8. In Mayne's Hindu Law, Edn 11 (1950), it is observed at p. 546 in the footnote that 'the decision in Mt. Anurago Kuer v. Darshsan Raut A. I. R. (25) 1938 P. 0. 65: 1938 Oudh App. 187 has not effected a departure in the law as it was understood previously. The entry in the Record of Rights 'took its place as evidence' in the case and was considered along with the other evidence in determining whether a particular family was or was not joint. That fact alone was not treated as conclusive on the point.'
Reference is made to a decision of the Privy Council in Nageshar Bakhsh Singh v. Mt. Ganesha, 47 Ind App. 57 (P c.) which had approved of the following pronouncement of Sir John Edge in Gajendar Singh v. Sardar Singh, 18 ALL. 176:
'A definition of shares in revenue and village papers affords, by itself, but a very slight indication of an actual separation in a Hindu family, and certainly in no case that has ever come before us could we have regarded such a definition of shares standing alone as sufficient evidence upon which to find, contrary to the presumption in law as to jointure, that the family to which such definition referred had separated.'
According to Mayne's Law this pronouncement of the Privy Council stands unaffected by the two later decisions of the Privy Council referred to above.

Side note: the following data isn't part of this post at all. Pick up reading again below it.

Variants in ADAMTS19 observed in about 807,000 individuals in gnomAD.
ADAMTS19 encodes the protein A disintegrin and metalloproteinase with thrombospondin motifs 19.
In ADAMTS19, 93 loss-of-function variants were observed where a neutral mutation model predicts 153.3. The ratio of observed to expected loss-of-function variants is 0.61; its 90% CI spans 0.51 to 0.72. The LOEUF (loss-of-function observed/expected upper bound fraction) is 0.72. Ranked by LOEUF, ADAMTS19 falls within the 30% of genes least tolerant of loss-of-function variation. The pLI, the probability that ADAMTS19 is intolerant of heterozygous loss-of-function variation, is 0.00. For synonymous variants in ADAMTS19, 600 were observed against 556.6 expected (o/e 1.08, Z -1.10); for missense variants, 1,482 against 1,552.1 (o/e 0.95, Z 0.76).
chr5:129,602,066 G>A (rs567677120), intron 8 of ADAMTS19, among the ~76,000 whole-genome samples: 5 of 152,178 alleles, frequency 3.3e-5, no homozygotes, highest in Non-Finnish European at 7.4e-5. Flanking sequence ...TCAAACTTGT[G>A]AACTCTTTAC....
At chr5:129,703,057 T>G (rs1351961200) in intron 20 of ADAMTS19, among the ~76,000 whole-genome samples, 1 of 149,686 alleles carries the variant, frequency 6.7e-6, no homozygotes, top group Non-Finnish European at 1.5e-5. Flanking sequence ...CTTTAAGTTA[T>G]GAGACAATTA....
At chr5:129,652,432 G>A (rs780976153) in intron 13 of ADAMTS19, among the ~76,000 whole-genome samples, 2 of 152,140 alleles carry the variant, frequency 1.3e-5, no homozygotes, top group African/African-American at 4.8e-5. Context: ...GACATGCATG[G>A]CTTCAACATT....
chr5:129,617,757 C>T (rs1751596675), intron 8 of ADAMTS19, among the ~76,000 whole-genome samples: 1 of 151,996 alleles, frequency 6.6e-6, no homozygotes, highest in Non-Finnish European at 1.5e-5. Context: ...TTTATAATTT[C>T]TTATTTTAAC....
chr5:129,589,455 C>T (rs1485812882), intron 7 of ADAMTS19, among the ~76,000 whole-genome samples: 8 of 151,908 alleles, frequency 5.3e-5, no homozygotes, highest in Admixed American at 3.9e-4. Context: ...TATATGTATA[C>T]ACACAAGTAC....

9. The learned Judges in Darshan Singh v. Parbhu Singh : AIR1946All67 similarly remarked that the later decisions have not modified or introduced any departure from the well-settled legal rule founded upon the case of Gajendar Singh v. Sardar Singh, 18 ALL. 176. The learned Judges interpreted the decision as meaning that the definition of shares may be a factor along with other factors in the case to be considered for the purpose of arriving at a finding whether the family is joint or separate. They relied on an earlier decision of the Court in support of that view.
10. The decision in Mt. Pratap Kunwar v. Raj Bahadur Singh A. I. R. (Sp) 1943 Oudh 316 by no means runs contrary to this principle. All that was said in that case was that an intention to separate could be presumed from the definition of shares but so could the intention be presumed from other circumstances, such as separate food, dwelling, worship or separate enjoyment of the property, separate income and expenditure, business transaction with each other and the like. Each one of these factors entitles the Court to raise a presumption in favour of separation but the question is one of fact which should be decided with due regard to the cumulative effect of all the circumstances.